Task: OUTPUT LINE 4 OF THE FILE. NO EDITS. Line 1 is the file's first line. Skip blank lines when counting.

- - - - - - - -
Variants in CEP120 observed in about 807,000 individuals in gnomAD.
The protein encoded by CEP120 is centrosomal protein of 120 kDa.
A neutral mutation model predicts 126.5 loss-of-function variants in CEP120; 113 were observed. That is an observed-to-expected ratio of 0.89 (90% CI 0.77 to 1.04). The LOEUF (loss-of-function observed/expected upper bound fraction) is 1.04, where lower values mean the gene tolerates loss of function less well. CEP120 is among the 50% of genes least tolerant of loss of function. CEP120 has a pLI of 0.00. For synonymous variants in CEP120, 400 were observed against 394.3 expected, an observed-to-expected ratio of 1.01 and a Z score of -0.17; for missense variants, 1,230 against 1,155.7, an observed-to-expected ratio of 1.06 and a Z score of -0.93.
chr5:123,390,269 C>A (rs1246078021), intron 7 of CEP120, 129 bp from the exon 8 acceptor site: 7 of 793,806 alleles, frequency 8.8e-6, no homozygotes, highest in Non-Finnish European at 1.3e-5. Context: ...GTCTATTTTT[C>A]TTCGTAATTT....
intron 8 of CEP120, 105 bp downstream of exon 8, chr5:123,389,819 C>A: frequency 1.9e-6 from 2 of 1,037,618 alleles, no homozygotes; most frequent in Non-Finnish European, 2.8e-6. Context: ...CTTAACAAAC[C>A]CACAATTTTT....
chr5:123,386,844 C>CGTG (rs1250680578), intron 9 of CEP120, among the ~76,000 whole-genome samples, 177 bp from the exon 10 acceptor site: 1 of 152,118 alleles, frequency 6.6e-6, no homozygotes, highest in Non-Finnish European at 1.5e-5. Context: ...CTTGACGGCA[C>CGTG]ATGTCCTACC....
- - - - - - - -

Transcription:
chr5:123,390,269 C>A (rs1246078021), intron 7 of CEP120, 129 bp from the exon 8 acceptor site: 7 of 793,806 alleles, frequency 8.8e-6, no homozygotes, highest in Non-Finnish European at 1.3e-5. Context: ...GTCTATTTTT[C>A]TTCGTAATTT....